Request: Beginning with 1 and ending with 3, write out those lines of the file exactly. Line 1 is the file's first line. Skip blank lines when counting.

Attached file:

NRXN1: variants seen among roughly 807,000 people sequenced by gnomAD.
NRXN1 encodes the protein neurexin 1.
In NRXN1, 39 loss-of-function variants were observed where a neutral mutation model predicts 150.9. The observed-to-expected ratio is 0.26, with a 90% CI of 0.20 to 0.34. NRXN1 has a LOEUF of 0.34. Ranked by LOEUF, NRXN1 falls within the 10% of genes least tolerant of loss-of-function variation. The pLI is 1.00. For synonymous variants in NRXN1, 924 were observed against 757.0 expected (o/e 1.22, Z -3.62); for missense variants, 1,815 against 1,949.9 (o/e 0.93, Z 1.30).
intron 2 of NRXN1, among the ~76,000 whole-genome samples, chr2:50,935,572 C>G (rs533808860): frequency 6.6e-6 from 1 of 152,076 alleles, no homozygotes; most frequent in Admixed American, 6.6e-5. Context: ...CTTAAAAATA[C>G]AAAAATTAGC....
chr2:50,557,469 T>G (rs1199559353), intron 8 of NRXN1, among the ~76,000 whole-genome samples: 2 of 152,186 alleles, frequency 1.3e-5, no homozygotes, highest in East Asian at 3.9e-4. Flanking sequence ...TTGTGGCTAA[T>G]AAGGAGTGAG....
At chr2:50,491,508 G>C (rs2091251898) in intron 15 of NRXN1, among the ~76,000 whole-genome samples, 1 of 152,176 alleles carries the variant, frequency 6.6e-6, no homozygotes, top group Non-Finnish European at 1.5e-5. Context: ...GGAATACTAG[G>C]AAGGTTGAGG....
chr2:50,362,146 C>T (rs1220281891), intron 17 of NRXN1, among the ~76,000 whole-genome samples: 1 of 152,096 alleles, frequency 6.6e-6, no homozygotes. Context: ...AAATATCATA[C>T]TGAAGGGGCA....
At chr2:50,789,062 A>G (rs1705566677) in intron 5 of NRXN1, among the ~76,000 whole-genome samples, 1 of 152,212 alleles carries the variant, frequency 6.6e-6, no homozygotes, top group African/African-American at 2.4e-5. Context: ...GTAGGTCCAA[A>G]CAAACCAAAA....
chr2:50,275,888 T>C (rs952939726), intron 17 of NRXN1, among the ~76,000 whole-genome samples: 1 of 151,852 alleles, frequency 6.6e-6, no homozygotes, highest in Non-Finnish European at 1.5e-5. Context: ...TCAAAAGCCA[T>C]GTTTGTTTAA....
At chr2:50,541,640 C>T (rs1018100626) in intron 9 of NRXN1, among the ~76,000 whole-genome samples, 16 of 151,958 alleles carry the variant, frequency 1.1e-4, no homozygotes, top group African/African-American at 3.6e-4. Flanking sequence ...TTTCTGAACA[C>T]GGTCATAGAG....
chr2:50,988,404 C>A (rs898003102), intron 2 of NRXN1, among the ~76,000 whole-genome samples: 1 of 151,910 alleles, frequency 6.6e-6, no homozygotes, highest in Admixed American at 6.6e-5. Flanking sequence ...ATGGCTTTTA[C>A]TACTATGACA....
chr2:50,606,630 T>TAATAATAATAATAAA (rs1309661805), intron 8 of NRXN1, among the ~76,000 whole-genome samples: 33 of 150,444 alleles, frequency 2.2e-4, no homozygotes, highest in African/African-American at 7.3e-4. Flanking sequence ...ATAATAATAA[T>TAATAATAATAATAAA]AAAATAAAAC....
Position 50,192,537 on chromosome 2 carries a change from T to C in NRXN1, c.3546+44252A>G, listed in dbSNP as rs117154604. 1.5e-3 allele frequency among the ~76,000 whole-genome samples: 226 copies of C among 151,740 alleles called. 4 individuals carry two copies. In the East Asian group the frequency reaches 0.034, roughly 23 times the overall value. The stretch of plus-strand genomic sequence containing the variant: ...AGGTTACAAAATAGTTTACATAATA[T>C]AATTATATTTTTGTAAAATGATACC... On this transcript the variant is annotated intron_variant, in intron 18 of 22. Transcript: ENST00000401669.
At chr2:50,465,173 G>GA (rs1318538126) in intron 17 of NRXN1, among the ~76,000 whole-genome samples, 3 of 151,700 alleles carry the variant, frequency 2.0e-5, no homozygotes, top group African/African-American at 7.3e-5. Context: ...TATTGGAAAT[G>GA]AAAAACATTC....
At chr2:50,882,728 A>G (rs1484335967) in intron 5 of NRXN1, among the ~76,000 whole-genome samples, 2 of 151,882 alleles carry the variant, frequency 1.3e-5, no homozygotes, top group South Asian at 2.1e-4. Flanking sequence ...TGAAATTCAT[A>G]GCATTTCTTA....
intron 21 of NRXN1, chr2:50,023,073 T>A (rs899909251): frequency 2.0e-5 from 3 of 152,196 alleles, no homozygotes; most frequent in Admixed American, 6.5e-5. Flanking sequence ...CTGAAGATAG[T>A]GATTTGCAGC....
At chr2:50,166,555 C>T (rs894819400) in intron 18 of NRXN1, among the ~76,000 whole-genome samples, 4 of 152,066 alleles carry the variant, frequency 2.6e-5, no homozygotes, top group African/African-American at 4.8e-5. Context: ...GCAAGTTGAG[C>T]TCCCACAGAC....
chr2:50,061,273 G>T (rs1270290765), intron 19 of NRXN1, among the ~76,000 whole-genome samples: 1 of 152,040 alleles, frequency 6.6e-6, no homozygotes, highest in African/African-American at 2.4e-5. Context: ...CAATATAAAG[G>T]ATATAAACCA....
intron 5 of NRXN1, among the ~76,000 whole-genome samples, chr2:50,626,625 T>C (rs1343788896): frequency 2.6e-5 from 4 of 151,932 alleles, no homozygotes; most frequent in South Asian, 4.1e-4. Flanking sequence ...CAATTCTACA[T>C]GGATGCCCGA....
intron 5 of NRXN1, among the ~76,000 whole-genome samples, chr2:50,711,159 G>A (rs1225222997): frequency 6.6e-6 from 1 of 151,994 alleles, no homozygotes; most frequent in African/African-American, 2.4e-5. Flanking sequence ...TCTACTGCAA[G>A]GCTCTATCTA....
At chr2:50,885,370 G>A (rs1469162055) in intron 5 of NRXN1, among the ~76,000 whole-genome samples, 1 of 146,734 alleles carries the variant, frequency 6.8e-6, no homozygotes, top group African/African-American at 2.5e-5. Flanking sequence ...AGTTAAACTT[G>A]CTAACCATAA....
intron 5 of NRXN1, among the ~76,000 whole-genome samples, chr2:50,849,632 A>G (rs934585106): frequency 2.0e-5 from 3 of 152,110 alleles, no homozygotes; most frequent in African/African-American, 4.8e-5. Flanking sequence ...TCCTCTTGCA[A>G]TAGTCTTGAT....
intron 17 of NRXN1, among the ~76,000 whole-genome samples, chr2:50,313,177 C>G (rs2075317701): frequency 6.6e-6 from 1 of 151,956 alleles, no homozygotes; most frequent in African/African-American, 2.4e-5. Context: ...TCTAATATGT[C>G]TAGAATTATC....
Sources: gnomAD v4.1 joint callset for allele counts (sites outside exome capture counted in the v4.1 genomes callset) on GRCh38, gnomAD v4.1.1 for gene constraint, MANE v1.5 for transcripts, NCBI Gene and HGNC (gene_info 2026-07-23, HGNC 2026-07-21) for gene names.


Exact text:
NRXN1: variants seen among roughly 807,000 people sequenced by gnomAD.
NRXN1 encodes the protein neurexin 1.
In NRXN1, 39 loss-of-function variants were observed where a neutral mutation model predicts 150.9. The observed-to-expected ratio is 0.26, with a 90% CI of 0.20 to 0.34. NRXN1 has a LOEUF of 0.34. Ranked by LOEUF, NRXN1 falls within the 10% of genes least tolerant of loss-of-function variation. The pLI is 1.00. For synonymous variants in NRXN1, 924 were observed against 757.0 expected (o/e 1.22, Z -3.62); for missense variants, 1,815 against 1,949.9 (o/e 0.93, Z 1.30).